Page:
Under the law the Superintendent of Census, with the consent of the President, could remove at any time any supervisor of census and fill any vacancy thereby caused or otherwise occurring, and similar authority was given to a supervisor of census to remove, with the consent of the Superintendent of Census, any enumerator in his district and to fill any vacancy that might occur from that or other reason. In all such cases, however, but one compensation could be allowed for the entire service, to be properly apportioned by the Superintendent of Census.

Each enumerator was required to make daily reports to the Superintendent of Census and to the supervisor of his district of the number of persons, farms, etc., enumerated by him each day, and also a statement of the time actually and necessarily occupied in this service, postal cards, properly printed and addressed, being provided for the purpose. He was also required to date and sign each page of the population schedule, and upon the completion of his work to append a written certificate that he had completed the enumeration of the

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district assigned to him, and that the returns had been duly and truthfully made in accordance with law and his oath of office.

There were, at the census of 1880, in all 31,382 enumerators, and their average daily earnings were as follows: 964, or 3.07 per cent, earned $2 and less; 2,908, or 9.27 per cent, from $2 to $2.50; 5,565, or 17.73 per cent, from $2.50 to $3; 7,529, or 23.99 per cent, from $3 to $3.50; 12,588, or 40.11 per cent, from $3.50 to $4; 630, or 2.01 per cent, from $1 to $4.50; 152, or 0.49 per cent, from $4.50 to $5; 157, or 0.50 per cent, from $5 to $5.50, and 889, or 2.83 per cent, from $5.50 to $6.

Penalties were also provided by the census act, by which it was made a misdemeanor for any supervisor or enumerator, after having taken and subscribed the oath required by the act, to neglect or refuse, without justifiable cause, to perform the duties required of him, or to communicate, without the authority of the Superintendent of Census, to any unauthorized person any statistics of property or business included in his return, and upon conviction to forfeit a sum not exceeding $500; and, also, if he should willfully and knowingly swear or affirm falsely, he should be deemed guilty of perjury, and on conviction to be subject to an imprisonment of not exceeding three years or to a fine of not exceeding $800; or, if he should willfully and knowingly make false certificates or fictitious returns, he should be deemed guilty of a misdemeanor, and upon conviction of either offense, he should forfeit and pay a sum not exceeding $5,000 and be imprisoned not exceeding two years. It was also provided that if any person should receive or secure to himself any fee, reward, or compensation as a consideration for the employment of any person as enumerator or clerk, or should in any way receive or secure to himself any part of the compensation provided in this act for the services of any enumerator or clerk, he should be deemed guilty of a misdemeanor, and, on conviction thereof, should be fined not less than $500 nor more than $3,000, in the discretion of the court.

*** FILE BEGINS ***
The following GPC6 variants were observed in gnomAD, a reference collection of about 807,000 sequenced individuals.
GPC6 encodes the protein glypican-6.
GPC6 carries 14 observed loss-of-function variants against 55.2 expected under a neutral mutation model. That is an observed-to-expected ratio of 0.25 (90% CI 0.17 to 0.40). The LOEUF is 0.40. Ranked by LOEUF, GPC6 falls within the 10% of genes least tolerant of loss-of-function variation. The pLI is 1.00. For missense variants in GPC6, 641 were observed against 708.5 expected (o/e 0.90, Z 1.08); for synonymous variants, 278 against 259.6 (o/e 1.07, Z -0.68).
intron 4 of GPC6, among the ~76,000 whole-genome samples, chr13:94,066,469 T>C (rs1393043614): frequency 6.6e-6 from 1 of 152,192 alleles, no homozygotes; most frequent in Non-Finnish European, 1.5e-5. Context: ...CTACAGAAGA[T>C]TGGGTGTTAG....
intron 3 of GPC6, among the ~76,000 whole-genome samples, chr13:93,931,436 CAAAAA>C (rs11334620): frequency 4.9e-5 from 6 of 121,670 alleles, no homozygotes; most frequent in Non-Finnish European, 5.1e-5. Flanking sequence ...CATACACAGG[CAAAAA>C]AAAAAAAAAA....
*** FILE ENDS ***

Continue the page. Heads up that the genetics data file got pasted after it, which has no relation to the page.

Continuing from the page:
The law further provided penalties for the failure or refusal on the part of any person more than 20 years of age belonging to any family residing in any enumeration district, or, in the absence of the heads and other members, of any agent of any family, to render a true account to the best of his or her knowledge of every person belonging to such family, if so required, and also in the case of similar failure or refusal on the part of any officer or agent of a corporation from which answers were required on any of the schedules provided for by the census act.

All mail matter of whatever class relating to the census, if properly addressed and indorsed, was to be transported free of postage, subject to a penalty for private use of $300.

The Secretary was also authorized, in his judgment, to call upon any other department or officer of the Government for information pertaining to the enumeration required by the census act.